A grantor of an insurance policy is a person or trust to which certain ownership rights of a life insurance policy have been transferred. This is normally done when an individual or family trust is engaged in estate planning. A life insurance policy can increase the value of an individual’s estate and provide resources to continue to pay taxes and other expenses. Incidents of ownership for a life insurance policy can exist when the grantor retains certain rights to the policy. The grantor is a person or trust to which the life insurance policy has been transferred.
One type of incident of ownership this is retained by a grantor is the right to change the beneficiary of the policy. When an insurance policy is purchased one of the requirements is to name a beneficiary to pay the policy’s death benefit. When a grantor retains interest of ownership the beneficiary can be changed on the policy at any time.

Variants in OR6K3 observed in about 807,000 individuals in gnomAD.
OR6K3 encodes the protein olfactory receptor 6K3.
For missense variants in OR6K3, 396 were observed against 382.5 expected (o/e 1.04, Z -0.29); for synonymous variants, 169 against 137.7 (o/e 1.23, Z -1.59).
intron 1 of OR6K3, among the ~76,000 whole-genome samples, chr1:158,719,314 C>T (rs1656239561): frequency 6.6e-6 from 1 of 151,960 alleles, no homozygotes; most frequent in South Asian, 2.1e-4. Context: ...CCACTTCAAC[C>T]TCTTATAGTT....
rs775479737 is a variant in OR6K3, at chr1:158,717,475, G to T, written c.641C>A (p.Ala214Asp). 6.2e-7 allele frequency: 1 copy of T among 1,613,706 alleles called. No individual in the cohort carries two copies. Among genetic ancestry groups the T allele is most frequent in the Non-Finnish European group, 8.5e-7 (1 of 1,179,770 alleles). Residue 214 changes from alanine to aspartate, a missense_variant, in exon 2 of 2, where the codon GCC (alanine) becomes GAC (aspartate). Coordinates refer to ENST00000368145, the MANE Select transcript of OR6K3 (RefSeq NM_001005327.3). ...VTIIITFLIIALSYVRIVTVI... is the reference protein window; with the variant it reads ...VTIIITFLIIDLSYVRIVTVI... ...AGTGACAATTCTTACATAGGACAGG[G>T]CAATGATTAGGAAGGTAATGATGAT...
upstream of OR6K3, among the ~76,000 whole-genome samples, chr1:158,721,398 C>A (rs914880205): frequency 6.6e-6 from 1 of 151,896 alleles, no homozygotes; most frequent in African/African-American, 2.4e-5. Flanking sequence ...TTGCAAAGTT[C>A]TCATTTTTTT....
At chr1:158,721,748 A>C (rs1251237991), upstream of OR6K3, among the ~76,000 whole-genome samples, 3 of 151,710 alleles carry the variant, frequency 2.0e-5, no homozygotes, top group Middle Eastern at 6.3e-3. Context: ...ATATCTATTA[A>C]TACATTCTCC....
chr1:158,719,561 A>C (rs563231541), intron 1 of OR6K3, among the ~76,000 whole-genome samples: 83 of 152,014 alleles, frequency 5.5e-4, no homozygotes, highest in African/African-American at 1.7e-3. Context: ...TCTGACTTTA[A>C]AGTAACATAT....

An additional right that is provided to the grantor or a policy when an interest of ownership exists is the right to cancel or surrender the life insurance policy. When an insurance policy has been canceled or surrendered the insurer returns will unpaid premium. The insurer will also pay out the cash value of the policy if any exists.
Obtain a Loan
When an interest of ownership exists on a life insurance policy the grantor has the right to obtain a loan from the policy. When a loan is obtained from a life insurance policy the amount cannot exceed the cash value or surrender value of the policy. This means that if a life insurance policy has a cash value of $5,000 the grantor can take out a loan up to that amount.
The benefits of a life insurance policy are paid when the owner of the policy dies. When an interest of ownership exists the grantor can receive the policy’s death benefit in the event of the death of the primary beneficiary. This can be done because the grantor retains the right to change the contingent beneficiaries of the policy.
The grantor of a life insurance policy who has an interest of ownership can change the amount of the death benefit and when it is paid. A grantor may want to change the how the benefit is paid because the beneficiary may not be of proper legal age. The grantor may also want to spread the benefit amount over a longer period.